ADB.Miner and a continuing vulnerability
- Kevin Beaumont: Root Bridge — how thousands of internet connected Android devices now have no security, and are being exploited by criminals.
“Unfortunately, vendors have been shipping products with Android Debug Bridge enabled. It listens on port 5555, and enables anybody to connect over the internet to a device. It is also clear some people are insecurely rooting their devices, too.” He cites the following from Android’s developer portal:
“The adb command facilitates a variety of device actions, such as installing and debugging apps, and it provides access to a Unix shell that you can use to run a variety of commands on a device.”
- Catalin Cimpanu for Bleeping Computer: Tens of Thousands of Android Devices Are Exposing Their Debug Port. Not a new issue, as Qihoo implicated it in the spread of the Monero miner ADB.miner.
“The ADB.Miner worm exploited the Android Debug Bridge (ADB) … used for troubleshooting faulty devices … some vendors have been shipping Android-based devices where the ADB over WiFi feature has been left enabled in the production version…”
- Commentary by Graham Cluley: Tens of thousands of Android devices are leaving their debug port exposed
“Initially, Restricted Mode required a passcode after one week. But Apple confirmed yesterday that a plugged-in iPhone will require a passcode every hour for the data transfers to continue. … Since cracking the six-digit passcode may take up to 22 hours (or longer for a passphrase), then brute-force methods used by the cracking tools are likely to cease to work.”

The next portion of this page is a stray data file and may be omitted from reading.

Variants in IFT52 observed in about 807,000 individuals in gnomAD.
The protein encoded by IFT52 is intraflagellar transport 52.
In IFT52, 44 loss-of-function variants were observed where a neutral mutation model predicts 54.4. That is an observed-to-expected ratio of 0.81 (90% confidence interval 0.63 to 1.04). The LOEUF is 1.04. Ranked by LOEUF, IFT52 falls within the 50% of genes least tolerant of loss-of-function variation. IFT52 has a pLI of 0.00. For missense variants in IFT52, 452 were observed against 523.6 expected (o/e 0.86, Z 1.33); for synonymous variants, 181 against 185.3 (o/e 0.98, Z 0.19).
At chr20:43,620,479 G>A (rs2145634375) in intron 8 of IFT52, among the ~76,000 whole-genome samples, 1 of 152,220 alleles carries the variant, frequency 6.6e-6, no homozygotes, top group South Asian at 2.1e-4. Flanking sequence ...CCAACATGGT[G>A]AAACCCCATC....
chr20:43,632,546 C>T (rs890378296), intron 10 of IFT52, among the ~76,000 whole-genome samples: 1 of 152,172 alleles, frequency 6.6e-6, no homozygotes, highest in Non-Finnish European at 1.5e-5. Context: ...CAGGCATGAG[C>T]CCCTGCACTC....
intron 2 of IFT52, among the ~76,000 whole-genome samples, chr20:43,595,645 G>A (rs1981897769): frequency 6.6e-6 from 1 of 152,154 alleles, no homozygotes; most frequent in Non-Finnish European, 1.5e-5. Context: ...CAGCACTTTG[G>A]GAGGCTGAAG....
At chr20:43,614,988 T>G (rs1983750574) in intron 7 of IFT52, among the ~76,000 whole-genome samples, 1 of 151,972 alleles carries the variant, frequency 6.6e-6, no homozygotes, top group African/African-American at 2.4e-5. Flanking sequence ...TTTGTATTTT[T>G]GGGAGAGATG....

Josh Pitts, for Okta, goes into extensive detail about a “vulnerability [that] exists in the difference between how the Mach-O loader loads signed code vs how improperly used Code Signing APIs check signed code and is exploited via a malformed Universal/Fat Binary.” I can be Apple, and so can you – A Public Disclosure of Issues Around Third Party Code Signing Checks
For Bleeping Computer, Lawrence Abrams summarizes: Mac Security Tool Bugs Allow Malware to Appear as Apple Software.
John Leyden for The Register: Hello, ‘Apple’ here, and this dodgy third-party code is A-OK with us – “Subtle attack thwarts macOS code-signing process”
Lukas Stefanko for ESET: Android users: Beware these popularity-faking tricks on Google Play
– “Tricksters have been misleading users about the functionality of apps by displaying bogus download numbers … …since unknown developer names are no use for popularity-boosting purposes anyway, some app authors have been setting fictitious, high numbers of installs as their developer names, in an effort to look like established developers with vast userbases.”
Bloomberg: Apple Tries to Stop Developers From Sharing Data on Users’ Friends – “Apple Inc. changed its App Store rules last week to limit how developers use information about iPhone owners’ friends and other contacts, quietly closing a loophole that let app makers store and share data without many people’s consent.
*** This is a Security Bloggers Network syndicated blog from Mac Virus authored by David Harley. Read the original post at: https://macviruscom.wordpress.com/2018/06/16/june-16th-update/